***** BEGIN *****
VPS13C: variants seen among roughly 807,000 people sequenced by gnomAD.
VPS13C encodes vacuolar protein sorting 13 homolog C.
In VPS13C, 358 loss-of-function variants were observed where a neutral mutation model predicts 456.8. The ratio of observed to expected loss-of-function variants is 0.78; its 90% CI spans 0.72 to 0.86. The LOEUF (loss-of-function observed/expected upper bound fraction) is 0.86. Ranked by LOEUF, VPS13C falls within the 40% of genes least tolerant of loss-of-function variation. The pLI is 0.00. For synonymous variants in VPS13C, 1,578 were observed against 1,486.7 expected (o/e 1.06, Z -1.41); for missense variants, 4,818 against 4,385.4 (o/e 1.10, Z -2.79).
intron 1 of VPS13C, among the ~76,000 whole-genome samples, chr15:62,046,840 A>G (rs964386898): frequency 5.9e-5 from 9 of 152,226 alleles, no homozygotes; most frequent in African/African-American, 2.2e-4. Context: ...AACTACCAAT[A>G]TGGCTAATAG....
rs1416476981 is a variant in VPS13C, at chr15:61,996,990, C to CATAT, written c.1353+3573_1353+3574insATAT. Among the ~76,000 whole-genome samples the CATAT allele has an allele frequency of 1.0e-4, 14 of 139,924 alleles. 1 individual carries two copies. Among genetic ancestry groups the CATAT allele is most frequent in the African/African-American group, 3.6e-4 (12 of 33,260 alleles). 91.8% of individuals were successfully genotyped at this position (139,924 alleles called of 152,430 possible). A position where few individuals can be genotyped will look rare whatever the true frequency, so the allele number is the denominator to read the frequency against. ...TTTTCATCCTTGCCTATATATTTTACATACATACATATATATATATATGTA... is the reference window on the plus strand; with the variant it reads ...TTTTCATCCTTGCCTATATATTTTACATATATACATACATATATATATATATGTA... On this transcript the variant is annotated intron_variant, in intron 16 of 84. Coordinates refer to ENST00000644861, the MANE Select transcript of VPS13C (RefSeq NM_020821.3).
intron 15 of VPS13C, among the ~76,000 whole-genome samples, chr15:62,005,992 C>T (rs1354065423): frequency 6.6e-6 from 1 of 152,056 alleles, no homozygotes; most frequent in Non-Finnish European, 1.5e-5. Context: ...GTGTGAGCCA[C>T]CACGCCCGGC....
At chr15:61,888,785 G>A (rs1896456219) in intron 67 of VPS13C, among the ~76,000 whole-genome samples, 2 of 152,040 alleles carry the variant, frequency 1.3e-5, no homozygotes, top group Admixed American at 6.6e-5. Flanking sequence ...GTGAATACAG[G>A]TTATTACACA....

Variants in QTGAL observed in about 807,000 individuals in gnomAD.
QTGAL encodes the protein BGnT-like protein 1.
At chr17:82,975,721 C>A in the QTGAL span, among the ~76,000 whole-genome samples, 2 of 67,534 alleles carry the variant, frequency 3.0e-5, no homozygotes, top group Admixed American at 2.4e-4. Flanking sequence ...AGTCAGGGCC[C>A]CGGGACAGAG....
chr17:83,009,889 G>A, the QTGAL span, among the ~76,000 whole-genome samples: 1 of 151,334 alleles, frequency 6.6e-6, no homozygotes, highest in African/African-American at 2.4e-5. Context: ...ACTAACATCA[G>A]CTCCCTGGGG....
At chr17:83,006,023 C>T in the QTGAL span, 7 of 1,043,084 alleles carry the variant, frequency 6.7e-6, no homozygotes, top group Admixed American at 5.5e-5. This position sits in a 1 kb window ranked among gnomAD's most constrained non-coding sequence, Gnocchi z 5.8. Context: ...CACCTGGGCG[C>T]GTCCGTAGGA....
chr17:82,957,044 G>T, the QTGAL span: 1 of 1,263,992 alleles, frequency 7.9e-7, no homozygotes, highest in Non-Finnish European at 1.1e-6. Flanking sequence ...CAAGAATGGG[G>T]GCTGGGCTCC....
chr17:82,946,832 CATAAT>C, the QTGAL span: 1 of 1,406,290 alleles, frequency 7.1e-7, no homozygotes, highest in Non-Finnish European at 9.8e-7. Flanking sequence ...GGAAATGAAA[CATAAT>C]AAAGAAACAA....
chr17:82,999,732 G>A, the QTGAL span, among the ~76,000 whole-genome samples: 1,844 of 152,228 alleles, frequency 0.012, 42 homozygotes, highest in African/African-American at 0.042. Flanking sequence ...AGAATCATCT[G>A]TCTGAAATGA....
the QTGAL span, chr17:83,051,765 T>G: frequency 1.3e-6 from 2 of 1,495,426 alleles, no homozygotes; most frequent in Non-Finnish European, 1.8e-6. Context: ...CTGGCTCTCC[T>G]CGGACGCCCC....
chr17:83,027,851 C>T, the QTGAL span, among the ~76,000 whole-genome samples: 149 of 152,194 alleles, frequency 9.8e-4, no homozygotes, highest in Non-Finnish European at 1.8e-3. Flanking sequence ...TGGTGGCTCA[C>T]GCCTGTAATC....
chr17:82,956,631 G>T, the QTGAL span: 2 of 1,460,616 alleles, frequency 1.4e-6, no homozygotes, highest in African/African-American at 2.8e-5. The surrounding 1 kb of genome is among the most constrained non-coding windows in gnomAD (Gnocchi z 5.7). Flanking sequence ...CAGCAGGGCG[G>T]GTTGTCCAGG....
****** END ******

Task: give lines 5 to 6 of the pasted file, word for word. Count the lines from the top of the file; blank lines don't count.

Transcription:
rs1416476981 is a variant in VPS13C, at chr15:61,996,990, C to CATAT, written c.1353+3573_1353+3574insATAT. Among the ~76,000 whole-genome samples the CATAT allele has an allele frequency of 1.0e-4, 14 of 139,924 alleles. 1 individual carries two copies. Among genetic ancestry groups the CATAT allele is most frequent in the African/African-American group, 3.6e-4 (12 of 33,260 alleles). 91.8% of individuals were successfully genotyped at this position (139,924 alleles called of 152,430 possible). A position where few individuals can be genotyped will look rare whatever the true frequency, so the allele number is the denominator to read the frequency against. ...TTTTCATCCTTGCCTATATATTTTACATACATACATATATATATATATGTA... is the reference window on the plus strand; with the variant it reads ...TTTTCATCCTTGCCTATATATTTTACATATATACATACATATATATATATATGTA... On this transcript the variant is annotated intron_variant, in intron 16 of 84. Coordinates refer to ENST00000644861, the MANE Select transcript of VPS13C (RefSeq NM_020821.3).
intron 15 of VPS13C, among the ~76,000 whole-genome samples, chr15:62,005,992 C>T (rs1354065423): frequency 6.6e-6 from 1 of 152,056 alleles, no homozygotes; most frequent in Non-Finnish European, 1.5e-5. Context: ...GTGTGAGCCA[C>T]CACGCCCGGC....